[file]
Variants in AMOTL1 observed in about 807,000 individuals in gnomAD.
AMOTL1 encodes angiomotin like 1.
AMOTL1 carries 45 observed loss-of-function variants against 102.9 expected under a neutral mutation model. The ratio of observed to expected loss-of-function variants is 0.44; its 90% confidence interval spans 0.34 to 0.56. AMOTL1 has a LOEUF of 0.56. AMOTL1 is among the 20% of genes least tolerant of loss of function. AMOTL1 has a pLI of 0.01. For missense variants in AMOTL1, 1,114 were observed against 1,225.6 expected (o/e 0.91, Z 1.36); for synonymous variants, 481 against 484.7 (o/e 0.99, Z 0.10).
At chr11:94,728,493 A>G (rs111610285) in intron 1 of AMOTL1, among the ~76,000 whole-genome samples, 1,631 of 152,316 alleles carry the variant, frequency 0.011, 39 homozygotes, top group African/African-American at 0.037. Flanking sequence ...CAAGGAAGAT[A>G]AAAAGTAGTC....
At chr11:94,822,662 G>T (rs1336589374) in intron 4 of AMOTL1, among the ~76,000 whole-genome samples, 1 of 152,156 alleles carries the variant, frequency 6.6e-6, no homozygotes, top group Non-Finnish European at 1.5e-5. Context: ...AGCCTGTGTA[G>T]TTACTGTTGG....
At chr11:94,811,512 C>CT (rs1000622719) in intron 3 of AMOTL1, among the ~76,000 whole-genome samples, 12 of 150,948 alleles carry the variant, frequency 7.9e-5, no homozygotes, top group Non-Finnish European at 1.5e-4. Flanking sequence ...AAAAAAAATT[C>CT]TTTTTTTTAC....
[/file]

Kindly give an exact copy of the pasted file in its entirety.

Variants in AMOTL1 observed in about 807,000 individuals in gnomAD.
AMOTL1 encodes angiomotin like 1.
AMOTL1 carries 45 observed loss-of-function variants against 102.9 expected under a neutral mutation model. The ratio of observed to expected loss-of-function variants is 0.44; its 90% confidence interval spans 0.34 to 0.56. AMOTL1 has a LOEUF of 0.56. AMOTL1 is among the 20% of genes least tolerant of loss of function. AMOTL1 has a pLI of 0.01. For missense variants in AMOTL1, 1,114 were observed against 1,225.6 expected (o/e 0.91, Z 1.36); for synonymous variants, 481 against 484.7 (o/e 0.99, Z 0.10).
At chr11:94,728,493 A>G (rs111610285) in intron 1 of AMOTL1, among the ~76,000 whole-genome samples, 1,631 of 152,316 alleles carry the variant, frequency 0.011, 39 homozygotes, top group African/African-American at 0.037. Flanking sequence ...CAAGGAAGAT[A>G]AAAAGTAGTC....
At chr11:94,822,662 G>T (rs1336589374) in intron 4 of AMOTL1, among the ~76,000 whole-genome samples, 1 of 152,156 alleles carries the variant, frequency 6.6e-6, no homozygotes, top group Non-Finnish European at 1.5e-5. Context: ...AGCCTGTGTA[G>T]TTACTGTTGG....
At chr11:94,811,512 C>CT (rs1000622719) in intron 3 of AMOTL1, among the ~76,000 whole-genome samples, 12 of 150,948 alleles carry the variant, frequency 7.9e-5, no homozygotes, top group Non-Finnish European at 1.5e-4. Flanking sequence ...AAAAAAAATT[C>CT]TTTTTTTTAC....